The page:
Draft North East Cambridge Area Action Plan

Representation ID: 56019

Received: 05/10/2020

Respondent: Endurance Estates

Agent: Barton Willmore

Representation Summary:

The Draft Policy states that “development densities and building heights should not exceed those identified on Figure 21 and Figure 23”. Figure 21 (Building Heights) shows development across the site ranging from building heights of between 4-5 and 13 storeys. Figure 23 (Residential Densities) provides the corresponding residential densities map, showing densities of between 75 and 385 dwellings per hectare (Figure 21/23 see submission attachment)
Draft Policy 9 clearly indicates that the heights and densities shown on the maps represent upper limits for development across NEC. Whilst we welcome the identification of these figures as maximums, we are of the view that the building heights and densities remain too great when considering the location of NEC Action Area within the historic city of Cambridge; the existing site constraints; and the proposed mix of uses.

This said, we recognise that the heights and densities proposed are necessitated by the high quantum of development that Draft Policy 1 seeks to allocate to the Action Area (see separate comments to Policy 1, above). Our representation to Draft Policy 9 therefore corresponds closely with our representation to Draft Policy 1.

Compared with strategic sites such as Cambourne, Northstowe and Waterbeach, the scale of residential development proposed in NEC involves building at residential densities that are unprecedented in the Cambridge area.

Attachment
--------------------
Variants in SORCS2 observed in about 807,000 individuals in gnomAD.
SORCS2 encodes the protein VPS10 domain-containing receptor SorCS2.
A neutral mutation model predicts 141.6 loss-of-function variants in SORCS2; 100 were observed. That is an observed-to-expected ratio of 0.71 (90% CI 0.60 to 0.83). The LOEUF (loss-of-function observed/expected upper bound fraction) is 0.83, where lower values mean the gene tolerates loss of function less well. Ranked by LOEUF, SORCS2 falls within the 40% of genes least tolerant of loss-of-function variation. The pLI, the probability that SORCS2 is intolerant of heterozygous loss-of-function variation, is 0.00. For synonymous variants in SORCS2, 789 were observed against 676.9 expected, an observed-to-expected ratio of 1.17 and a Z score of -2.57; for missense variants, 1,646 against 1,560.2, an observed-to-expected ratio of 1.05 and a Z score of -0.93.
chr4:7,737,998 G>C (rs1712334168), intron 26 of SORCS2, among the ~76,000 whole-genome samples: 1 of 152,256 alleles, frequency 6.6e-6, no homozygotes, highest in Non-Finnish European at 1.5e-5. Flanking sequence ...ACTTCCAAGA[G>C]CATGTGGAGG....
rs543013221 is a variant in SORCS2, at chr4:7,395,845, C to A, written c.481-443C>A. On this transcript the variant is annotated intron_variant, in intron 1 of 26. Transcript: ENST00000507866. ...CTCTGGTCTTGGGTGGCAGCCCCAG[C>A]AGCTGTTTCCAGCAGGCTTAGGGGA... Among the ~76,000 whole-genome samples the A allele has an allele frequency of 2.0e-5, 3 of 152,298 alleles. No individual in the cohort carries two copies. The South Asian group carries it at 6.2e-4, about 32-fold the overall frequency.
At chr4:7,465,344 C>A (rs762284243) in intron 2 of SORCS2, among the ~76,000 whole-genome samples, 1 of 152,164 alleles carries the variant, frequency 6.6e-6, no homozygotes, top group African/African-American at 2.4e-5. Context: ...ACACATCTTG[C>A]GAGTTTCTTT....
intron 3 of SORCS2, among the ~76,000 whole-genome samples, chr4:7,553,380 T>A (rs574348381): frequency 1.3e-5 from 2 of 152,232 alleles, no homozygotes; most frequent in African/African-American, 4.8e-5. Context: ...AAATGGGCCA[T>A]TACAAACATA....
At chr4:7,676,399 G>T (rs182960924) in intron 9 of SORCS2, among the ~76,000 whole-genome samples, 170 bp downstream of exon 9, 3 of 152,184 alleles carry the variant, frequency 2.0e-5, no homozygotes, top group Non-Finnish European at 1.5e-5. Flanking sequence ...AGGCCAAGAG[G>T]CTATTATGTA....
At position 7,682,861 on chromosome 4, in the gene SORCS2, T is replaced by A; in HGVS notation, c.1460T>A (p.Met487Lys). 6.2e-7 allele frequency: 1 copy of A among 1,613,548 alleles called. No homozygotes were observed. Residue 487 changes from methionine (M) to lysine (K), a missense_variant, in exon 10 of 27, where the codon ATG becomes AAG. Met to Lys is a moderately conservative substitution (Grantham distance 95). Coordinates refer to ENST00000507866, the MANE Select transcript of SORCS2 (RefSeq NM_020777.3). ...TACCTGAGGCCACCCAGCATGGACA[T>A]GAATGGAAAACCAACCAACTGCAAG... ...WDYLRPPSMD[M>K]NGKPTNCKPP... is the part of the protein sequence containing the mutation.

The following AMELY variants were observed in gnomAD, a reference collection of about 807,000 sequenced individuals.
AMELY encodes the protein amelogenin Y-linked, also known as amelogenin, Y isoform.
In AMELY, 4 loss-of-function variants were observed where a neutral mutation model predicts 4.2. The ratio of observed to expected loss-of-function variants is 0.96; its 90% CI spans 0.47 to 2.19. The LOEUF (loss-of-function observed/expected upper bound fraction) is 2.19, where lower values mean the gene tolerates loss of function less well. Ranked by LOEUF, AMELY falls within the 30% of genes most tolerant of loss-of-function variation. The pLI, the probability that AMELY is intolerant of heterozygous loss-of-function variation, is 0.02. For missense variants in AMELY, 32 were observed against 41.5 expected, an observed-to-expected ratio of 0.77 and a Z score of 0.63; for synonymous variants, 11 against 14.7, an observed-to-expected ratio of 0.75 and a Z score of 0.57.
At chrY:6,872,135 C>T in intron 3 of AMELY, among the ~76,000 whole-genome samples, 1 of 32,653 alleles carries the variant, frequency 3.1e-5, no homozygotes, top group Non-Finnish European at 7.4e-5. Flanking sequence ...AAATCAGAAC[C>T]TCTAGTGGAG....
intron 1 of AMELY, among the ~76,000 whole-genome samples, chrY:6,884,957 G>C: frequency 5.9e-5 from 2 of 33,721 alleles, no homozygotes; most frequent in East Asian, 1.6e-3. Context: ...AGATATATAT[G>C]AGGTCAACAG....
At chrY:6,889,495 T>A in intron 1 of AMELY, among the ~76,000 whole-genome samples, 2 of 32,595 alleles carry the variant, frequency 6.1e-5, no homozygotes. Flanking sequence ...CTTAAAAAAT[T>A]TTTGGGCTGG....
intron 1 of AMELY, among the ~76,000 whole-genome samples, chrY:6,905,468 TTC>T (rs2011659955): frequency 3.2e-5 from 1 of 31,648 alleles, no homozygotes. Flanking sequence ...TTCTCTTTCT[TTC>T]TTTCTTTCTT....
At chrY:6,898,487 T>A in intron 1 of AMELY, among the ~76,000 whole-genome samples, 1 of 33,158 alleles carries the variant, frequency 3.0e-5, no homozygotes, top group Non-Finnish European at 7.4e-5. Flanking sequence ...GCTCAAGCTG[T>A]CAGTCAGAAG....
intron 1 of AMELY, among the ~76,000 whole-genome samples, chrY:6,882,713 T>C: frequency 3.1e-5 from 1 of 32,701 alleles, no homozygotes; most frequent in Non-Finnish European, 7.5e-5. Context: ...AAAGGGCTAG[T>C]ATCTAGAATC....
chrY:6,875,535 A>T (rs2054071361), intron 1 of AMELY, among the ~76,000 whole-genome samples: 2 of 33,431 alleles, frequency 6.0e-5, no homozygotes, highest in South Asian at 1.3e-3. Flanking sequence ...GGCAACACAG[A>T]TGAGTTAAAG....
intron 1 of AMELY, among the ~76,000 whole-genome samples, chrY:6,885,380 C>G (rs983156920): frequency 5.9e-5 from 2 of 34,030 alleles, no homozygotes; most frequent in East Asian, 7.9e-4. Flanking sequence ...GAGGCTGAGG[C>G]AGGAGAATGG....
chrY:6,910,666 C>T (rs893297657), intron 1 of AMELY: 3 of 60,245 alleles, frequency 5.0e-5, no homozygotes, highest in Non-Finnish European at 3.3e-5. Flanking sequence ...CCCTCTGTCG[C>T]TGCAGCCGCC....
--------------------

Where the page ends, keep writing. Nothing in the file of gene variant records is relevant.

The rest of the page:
The NEC Typologies Study and Development Capacity Assessment (January 2020) provides a range of example developments at high density. However, we note that none of these include developments of circa 8,000 dwellings except for Hammarby Sjostad in Stockholm (9,000 units at 145 dph). Whilst there are examples in Cambridge and London of high-quality, high-density development, it typically comprises a smaller total quantum of development, e.g. CB1 Ceres in Cambridge (150 units at 300dph), S3 in Eddington, Cambridge (186 units at 261 dph) and Aylesbury Estate in London (260 units at 244dph). We are concerned that the high-density residential development proposed at NEC will not be in keeping with the site and surrounding area, including landscape and visual impacts on the local and wider cityscape.

Table 5 of the NEC Retail Evidence Statement (February 2020) sets out the proposed residential mix for the NEC Area (see below). This indicates a total 8,400 dwellings, of which 92% will be flats and 8% will be 3 and 4-bedroom houses. Of all dwellings, 70% comprises of 1 and 2-bed flats. This housing mix will generate an estimated total population of around 19,400 people (Retail Evidence Statement, paragraph 54).
(Table 5 See submission attachment)
We would question whether the proposed dwelling mix has been determined by a comprehensive analysis of population projections and housing need for the area – or whether the high proportion of small flats is necessary in order to achieve the high numbers and densities that are proposed.

With the anticipated permanent changes to our day to day living as a result of the Coronavirus Pandemic, we believe that there should be a reconsideration of the policy approach in relation to residential mix. In terms of preference, there has been a clear move towards people seeking more space within their homes, both internally to facilitate home-working and externally in terms of private garden space. We are concerned that the housing market in Cambridge may not support the level of apartment development that is currently proposed within the Draft AAP. Whilst this impacts the parameters set out in Draft Policy 9, this also has a knock-on effect on Draft Policy 1. We consider that a reassessment of this policy approach is required to ensure the long term viability of the project.

Again, the above raises the of question whether the quantum of 8,000+ units and other proposed employment, commercial and community uses and associated policy objectives is too much for the NEC Action Area.